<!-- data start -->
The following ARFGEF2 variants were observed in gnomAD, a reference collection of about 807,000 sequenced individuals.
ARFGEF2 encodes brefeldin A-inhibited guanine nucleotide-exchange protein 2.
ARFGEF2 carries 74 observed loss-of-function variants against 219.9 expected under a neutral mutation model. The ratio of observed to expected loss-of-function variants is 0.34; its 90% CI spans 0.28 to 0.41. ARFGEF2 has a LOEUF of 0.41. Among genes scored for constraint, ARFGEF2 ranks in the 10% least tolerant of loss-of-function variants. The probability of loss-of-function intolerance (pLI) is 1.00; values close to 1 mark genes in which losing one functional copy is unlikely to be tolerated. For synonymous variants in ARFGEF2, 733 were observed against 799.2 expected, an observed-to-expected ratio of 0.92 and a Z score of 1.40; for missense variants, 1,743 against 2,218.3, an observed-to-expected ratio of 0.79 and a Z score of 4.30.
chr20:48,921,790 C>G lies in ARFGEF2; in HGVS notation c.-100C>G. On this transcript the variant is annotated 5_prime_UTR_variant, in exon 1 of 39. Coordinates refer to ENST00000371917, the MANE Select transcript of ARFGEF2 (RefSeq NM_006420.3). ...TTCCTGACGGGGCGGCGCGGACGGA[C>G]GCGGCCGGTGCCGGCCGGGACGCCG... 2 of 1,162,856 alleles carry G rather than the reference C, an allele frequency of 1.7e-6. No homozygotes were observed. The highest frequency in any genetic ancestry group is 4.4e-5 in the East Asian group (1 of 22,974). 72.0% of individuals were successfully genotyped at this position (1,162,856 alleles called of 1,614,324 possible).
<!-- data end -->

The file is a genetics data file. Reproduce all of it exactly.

The following ARFGEF2 variants were observed in gnomAD, a reference collection of about 807,000 sequenced individuals.
ARFGEF2 encodes brefeldin A-inhibited guanine nucleotide-exchange protein 2.
ARFGEF2 carries 74 observed loss-of-function variants against 219.9 expected under a neutral mutation model. The ratio of observed to expected loss-of-function variants is 0.34; its 90% CI spans 0.28 to 0.41. ARFGEF2 has a LOEUF of 0.41. Among genes scored for constraint, ARFGEF2 ranks in the 10% least tolerant of loss-of-function variants. The probability of loss-of-function intolerance (pLI) is 1.00; values close to 1 mark genes in which losing one functional copy is unlikely to be tolerated. For synonymous variants in ARFGEF2, 733 were observed against 799.2 expected, an observed-to-expected ratio of 0.92 and a Z score of 1.40; for missense variants, 1,743 against 2,218.3, an observed-to-expected ratio of 0.79 and a Z score of 4.30.
chr20:48,921,790 C>G lies in ARFGEF2; in HGVS notation c.-100C>G. On this transcript the variant is annotated 5_prime_UTR_variant, in exon 1 of 39. Coordinates refer to ENST00000371917, the MANE Select transcript of ARFGEF2 (RefSeq NM_006420.3). ...TTCCTGACGGGGCGGCGCGGACGGA[C>G]GCGGCCGGTGCCGGCCGGGACGCCG... 2 of 1,162,856 alleles carry G rather than the reference C, an allele frequency of 1.7e-6. No homozygotes were observed. The highest frequency in any genetic ancestry group is 4.4e-5 in the East Asian group (1 of 22,974). 72.0% of individuals were successfully genotyped at this position (1,162,856 alleles called of 1,614,324 possible).